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Find information on Ibiza Town in our Travel Guide covering sights, foods and nightlife plus more...
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Ibiza Town, also known by its Catalan name Eivissa, is the capital of the island and lies on the south east coast. Famous for its extravagant nightlife, Ibiza Town is very popular with young British holidaymakers who flock to its streets every year. Drawn by the promise of sunny beaches and an absolutely heaving nightlife, visitors are often surprised to find that an Ibiza Town holiday offers much more than this. Old fortifications, impressive cathedral, fine restaurants and a variety of excellent shops make Ibiza Town a very attractive holiday destination.
Ibiza Town has more than one face and therefore attracts a variety of people. As always, good weather is high on the list, followed by a truly frenetic nightlife. With an interesting history, excellent restaurants and shops, a large marina and beaches within walking distance, the town appeals to a much broader range of people than just eighteen to thirty year olds.
Ibiza Town draws young people to its gates like moths to candle flames. At the height of the summer season the bars and clubs are full of eighteen to thirty year olds dancing and drinking through the night. The town has a harbour without a beach and, although there are beaches within walking distance, this could deter families with small children. Early and late season, when the majority of clubbers have left, is the time favoured by couples who are interested in the history and culture of the town.
The holiday season in Ibiza Town begins in late April and lasts until October with temperatures ranging from the twenties to the mid thirties.
Ibiza Town has had many inhabitants throughout the centuries including Phoenicians, Romans and Moors. It is comprised of three areas. The old town on the hill, D’alt Vila is an ancient fortress city built by King Felipe II to protect it from regular invasions and sackings by the many pirates who roamed the waters beyond the bay. The fortified walls are well preserved as are the watch towers. There are excellent views from here across the bay. The Gothic Baroque Cathedral Church of Santa Maria dating from the fourteenth century is well worth a visit. The narrow cobbled streets have many fine restaurants and boutiques. The winding streets down by the harbour, a favourite haunt of ‘drag queens’, are very busy in the summer as is the new town expanded to accommodate holidaymakers. Although Ibiza Town itself does not have a beach, there are three within one to two kilometres of the town. Playa D’en Bossa, two kilometres from the town centre, has a long sandy beach and boasts two of the best discos namely ‘Space’ and ‘Boro Boro’. Talamanca, fifteen minutes walk beyond the marina, is peaceful and has a beautiful sandy beach. A two hourly ferry service, taking only thirty minutes runs from the port to the tiny peaceful island of Formentera. The beaches here are glorious.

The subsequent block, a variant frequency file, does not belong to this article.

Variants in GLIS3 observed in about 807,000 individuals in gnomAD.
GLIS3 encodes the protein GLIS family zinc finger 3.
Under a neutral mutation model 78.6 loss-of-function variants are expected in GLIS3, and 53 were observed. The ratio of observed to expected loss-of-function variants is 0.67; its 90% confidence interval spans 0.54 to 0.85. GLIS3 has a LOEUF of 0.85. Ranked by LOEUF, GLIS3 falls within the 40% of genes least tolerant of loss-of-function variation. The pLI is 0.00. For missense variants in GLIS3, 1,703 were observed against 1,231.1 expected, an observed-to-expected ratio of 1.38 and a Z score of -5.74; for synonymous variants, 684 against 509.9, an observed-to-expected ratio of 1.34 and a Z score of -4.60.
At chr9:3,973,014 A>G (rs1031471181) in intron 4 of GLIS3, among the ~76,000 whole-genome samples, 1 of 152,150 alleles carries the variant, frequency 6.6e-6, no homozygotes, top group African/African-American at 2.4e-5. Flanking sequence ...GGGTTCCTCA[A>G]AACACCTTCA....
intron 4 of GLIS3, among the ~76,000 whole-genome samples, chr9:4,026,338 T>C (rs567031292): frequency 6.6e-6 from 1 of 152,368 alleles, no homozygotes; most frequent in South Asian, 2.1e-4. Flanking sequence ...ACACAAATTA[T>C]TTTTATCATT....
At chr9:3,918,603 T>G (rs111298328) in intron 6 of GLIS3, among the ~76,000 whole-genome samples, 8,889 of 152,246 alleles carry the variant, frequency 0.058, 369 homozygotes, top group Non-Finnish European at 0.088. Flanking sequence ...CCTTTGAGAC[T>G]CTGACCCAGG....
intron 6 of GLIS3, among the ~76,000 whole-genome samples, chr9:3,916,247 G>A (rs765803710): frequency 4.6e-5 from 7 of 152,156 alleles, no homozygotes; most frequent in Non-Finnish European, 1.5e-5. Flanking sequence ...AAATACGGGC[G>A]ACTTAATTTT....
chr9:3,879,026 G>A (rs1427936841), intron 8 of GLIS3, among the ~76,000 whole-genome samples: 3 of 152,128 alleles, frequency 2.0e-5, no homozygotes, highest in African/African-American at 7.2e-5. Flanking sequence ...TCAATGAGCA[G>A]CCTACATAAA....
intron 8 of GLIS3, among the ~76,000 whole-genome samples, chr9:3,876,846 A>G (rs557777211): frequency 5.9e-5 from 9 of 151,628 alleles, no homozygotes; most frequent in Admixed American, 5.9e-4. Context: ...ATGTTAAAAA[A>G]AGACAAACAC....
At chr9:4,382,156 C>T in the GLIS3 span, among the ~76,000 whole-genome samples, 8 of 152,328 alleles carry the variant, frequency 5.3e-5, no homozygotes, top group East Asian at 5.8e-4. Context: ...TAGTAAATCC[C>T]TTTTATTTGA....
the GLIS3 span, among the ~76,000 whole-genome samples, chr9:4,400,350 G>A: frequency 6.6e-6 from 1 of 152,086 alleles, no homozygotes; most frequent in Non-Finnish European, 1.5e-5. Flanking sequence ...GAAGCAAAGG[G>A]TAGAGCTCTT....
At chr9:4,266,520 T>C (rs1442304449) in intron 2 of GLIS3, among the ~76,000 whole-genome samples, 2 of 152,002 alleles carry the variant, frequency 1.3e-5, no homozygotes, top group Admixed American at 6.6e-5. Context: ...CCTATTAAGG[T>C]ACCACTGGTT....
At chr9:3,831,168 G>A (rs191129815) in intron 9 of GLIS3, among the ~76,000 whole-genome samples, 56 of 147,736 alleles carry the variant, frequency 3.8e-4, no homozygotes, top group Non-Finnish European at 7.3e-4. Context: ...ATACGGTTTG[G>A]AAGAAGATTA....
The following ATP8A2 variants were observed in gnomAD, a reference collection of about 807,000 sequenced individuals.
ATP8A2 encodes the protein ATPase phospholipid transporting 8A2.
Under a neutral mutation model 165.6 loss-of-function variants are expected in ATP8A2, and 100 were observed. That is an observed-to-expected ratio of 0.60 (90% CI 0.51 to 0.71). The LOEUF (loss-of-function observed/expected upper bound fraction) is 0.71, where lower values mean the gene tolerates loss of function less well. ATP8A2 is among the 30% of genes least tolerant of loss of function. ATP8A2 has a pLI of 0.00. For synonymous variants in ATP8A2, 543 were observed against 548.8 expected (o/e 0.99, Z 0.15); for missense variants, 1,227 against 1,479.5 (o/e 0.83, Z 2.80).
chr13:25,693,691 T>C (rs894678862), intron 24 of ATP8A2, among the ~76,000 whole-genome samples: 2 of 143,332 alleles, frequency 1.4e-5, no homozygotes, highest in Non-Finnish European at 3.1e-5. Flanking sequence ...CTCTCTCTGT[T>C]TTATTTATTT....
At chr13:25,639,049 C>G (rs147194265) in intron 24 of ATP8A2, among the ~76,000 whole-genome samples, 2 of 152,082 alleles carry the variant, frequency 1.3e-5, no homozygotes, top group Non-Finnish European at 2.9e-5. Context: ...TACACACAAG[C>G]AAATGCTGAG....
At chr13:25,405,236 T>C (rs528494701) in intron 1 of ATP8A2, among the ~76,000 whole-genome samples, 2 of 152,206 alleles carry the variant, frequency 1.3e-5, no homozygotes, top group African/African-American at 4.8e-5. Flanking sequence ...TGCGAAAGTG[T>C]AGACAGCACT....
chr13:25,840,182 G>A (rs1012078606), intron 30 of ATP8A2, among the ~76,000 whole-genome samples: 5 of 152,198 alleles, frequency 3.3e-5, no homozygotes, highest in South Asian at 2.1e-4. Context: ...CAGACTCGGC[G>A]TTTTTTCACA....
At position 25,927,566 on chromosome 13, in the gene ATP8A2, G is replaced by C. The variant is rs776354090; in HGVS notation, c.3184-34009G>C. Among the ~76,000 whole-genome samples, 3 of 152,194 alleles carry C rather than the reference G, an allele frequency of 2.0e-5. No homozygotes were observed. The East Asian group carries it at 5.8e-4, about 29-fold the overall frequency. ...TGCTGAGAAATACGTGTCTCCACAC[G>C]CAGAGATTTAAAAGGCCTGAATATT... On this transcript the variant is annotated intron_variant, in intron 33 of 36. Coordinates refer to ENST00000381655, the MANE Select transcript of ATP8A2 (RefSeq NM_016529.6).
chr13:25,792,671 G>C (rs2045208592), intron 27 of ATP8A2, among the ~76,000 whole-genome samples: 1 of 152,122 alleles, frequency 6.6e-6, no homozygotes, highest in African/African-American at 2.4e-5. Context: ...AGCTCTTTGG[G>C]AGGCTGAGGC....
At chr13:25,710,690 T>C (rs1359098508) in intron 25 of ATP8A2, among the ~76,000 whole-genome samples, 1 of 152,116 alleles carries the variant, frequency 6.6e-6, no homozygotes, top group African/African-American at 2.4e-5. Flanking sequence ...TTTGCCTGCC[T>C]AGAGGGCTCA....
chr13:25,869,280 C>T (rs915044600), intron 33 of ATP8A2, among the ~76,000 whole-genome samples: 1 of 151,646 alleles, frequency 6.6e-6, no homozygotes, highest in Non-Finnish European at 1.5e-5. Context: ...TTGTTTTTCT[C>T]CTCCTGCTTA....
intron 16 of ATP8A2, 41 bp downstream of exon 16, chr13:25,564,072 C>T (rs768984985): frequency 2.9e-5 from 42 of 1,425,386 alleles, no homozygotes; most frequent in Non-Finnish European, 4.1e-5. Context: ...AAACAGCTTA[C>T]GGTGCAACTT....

Ibiza Town, with its many bars, discos and nightclubs, is renowned for its frenetic nightlife. Doors usually open at ten in the evening and do not close until six in the morning. The most luxurious nightclubs are ‘Pacha’ and El Divino’.
Ibiza Town has excellent retailing facilities enough to satisfy the most avaricious of shoppers. In addition to the usual beach, craft and gift shops there are a large number of specialist shops and designer boutiques.
Ibiza Town has something for everyone. Whether you have an unadventurous palate or seek new thrills to delight the taste buds Ibiza Town bars and restaurants will give you satisfaction. There are many fine restaurants in the old town where you can dine in a tranquil setting away from the buzz of the harbour. Fish remains a major part of the island’s cuisine. The ‘catch of the day’ specials are usually delicious and very good value. Spanish wines are pleasant and inexpensive. As always, when in Spain, children are warmly welcomed.